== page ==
South Africa’s first polygamous President (who has fathered more than 20 children) receives an official ‘spousal budget’ of 1.5 million a year, and has spent millions renovating his country house so he can visit all four wives in separate detached, thatched huts via a series of underground tunnels. We are told they will ‘rotate’ at official functions and foreign trips. More than three-quarters of South African voters (and 80 per cent of women) disagree with polygamy — does he care
Carole’s not shy or retiring
Under the spotlight: Carole Caplin
Carole Caplin (right) has given a lengthy interview to a Sunday magazine and is photographed prancing about in a whole range of designer clothes.
She says it’s her ‘final’ chat with the Press, and she’s keen to set the record straight after suffering ‘a kind of breakdown’ a couple of years ago, partially brought about by ‘constant media attention’ when she worked with Tony and Cherie Blair as their fitness coach.
Much as I want to believe Carole, I can’t. She’s made sure we know where she currently works as a trainer — surely that’s touting for business. The Caplin family are no strangers to publicity. I worked out for two years with Carole’s mother Sylvia — along with celebrity clients such as Roger Rees, Felicity Kendal and Selina Scott — at a gym in her house in Fulham.
Sylvia, a former ballet dancer, was an excellent teacher, but one day I opened a copy of the Sun to find she had given an interview and named all her clients, including me. I never went there again.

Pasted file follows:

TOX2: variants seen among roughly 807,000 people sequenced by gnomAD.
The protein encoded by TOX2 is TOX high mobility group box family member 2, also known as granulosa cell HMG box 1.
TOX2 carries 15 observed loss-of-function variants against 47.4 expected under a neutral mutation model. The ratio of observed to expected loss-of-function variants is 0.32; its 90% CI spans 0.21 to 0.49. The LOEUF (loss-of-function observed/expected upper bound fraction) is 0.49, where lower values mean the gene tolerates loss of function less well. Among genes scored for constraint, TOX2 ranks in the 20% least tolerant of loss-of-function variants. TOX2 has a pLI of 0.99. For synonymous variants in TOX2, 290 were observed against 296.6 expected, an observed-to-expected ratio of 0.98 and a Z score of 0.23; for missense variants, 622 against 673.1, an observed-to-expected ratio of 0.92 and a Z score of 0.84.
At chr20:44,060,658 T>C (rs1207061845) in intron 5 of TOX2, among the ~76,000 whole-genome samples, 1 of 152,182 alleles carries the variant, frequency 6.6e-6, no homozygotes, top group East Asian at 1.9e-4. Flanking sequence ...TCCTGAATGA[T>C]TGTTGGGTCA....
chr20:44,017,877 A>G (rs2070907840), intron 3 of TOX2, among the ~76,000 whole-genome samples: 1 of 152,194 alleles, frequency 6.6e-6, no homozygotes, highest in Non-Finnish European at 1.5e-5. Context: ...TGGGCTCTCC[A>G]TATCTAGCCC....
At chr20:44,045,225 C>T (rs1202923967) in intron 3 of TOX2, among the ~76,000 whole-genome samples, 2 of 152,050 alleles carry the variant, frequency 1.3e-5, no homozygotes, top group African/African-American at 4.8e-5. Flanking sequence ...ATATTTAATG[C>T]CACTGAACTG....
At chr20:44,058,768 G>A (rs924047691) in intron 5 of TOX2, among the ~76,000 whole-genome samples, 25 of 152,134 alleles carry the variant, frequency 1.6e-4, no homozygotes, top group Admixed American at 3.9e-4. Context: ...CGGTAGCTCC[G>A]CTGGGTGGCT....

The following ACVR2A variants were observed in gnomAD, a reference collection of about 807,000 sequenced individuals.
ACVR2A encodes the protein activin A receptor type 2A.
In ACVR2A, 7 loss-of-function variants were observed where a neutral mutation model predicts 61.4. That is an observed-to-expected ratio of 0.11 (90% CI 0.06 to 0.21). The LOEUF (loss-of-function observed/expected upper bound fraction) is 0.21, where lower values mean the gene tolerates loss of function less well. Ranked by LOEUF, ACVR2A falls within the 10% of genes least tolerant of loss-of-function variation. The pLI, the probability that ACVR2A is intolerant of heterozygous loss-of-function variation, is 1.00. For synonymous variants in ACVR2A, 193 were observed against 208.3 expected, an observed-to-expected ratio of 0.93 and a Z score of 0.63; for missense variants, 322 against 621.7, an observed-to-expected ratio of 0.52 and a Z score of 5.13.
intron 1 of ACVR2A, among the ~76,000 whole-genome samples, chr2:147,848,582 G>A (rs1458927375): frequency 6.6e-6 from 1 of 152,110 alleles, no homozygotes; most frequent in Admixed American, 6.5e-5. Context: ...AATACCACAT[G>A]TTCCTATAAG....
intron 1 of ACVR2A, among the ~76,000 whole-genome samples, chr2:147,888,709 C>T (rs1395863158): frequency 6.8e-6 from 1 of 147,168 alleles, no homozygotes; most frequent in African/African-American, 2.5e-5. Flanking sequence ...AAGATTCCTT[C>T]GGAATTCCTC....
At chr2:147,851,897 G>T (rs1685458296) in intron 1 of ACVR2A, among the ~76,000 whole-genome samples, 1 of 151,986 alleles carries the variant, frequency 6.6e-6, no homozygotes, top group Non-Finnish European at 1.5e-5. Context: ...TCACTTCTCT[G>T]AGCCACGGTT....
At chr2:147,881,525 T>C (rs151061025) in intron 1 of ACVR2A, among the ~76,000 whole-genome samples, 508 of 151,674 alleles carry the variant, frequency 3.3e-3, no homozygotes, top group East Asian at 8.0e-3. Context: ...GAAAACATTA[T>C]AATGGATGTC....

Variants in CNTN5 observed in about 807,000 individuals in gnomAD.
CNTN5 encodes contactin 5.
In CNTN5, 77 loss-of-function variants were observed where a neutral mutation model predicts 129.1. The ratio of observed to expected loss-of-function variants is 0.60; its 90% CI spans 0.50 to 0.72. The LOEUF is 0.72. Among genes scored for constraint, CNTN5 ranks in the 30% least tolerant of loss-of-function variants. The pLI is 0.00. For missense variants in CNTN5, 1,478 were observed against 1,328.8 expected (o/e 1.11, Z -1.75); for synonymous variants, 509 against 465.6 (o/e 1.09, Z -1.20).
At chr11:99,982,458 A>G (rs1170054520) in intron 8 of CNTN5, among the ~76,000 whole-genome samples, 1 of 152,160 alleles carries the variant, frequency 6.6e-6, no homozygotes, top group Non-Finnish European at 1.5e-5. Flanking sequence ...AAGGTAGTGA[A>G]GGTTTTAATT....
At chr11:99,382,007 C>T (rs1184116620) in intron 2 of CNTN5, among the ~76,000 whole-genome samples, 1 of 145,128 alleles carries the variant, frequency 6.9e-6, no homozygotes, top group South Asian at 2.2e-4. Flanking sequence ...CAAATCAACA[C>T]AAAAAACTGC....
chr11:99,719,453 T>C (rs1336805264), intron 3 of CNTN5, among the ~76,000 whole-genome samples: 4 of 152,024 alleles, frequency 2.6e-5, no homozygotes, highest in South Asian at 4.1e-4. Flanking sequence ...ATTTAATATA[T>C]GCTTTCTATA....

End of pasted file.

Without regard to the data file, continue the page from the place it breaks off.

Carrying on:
You can’t tell me Carole Caplin doesn’t relish the limelight — she even admits to bonking Gary Numan and Adam Ant. Too much information!
I’ve been interviewed for a new series on Channel 4 which compares growing up in the Fifties with how we live now. When the programme makers asked what gadgets Mum used in our terraced house in Fulham, I couldn’t think of any, except for a hand-operated mincer (that turned Sunday roast leftovers into grey-looking rissoles or shepherd’s pie) and a mangle, which wet sheets were pushed through before being hung outside in the yard.
I dimly remember being taken in a pushchair to visit the first launderette in the borough, which must have made life a lot simpler. Modern living is so different — a recent survey claims we spend 900 million a year on gadgets we don’t use. Top of the list are a fondue set, closely followed by an ice-cream maker. We are a nation of gadget-dependent junkies who can’t do DIY for toffee. The other week (in a fit of cost-cutting) we bought an old-fashioned mincer to turn leftovers into tasty meals. It’s still in the box. How did Mum manage
I’m so cosy thanks to Camilla
The Duchess of Cornwall with star of The Killing Sophie Grabol
Last month, I speculated it might have been my championing of The Killing that turned Camilla on to the brilliant detective series. The Duchess of Cornwall certainly reads this column. I urged her not to wear the iconic chunky sweater she was given by the show’s star Sophie Grabol when she visited Denmark recently because anyone with a normal shape would ‘look like a tea cosy’.
This week a package arrived at Street- Porter Towers. Inside was THAT sweater and a hand-written card urging me to ‘keep my teapot warm’, followed by ‘ROLL ON KILLING SERIES 3! Best wishes, Camilla’. A practical joke First, I licked my finger and discovered the note was written with a fountain pen in black ink — only posh people do that these days.
Then, a check online confirmed it was her crest on the card. A call to Clarence House confirmed Camilla had sent the present, but sadly it’s so small it will only fit my teapot. I will be treasuring the note, though. Royalty and I have very little in common — but it’s nice to know that Camilla has good taste when it comes to telly, and a sense of humour. Mind you, she must need that living with Charles.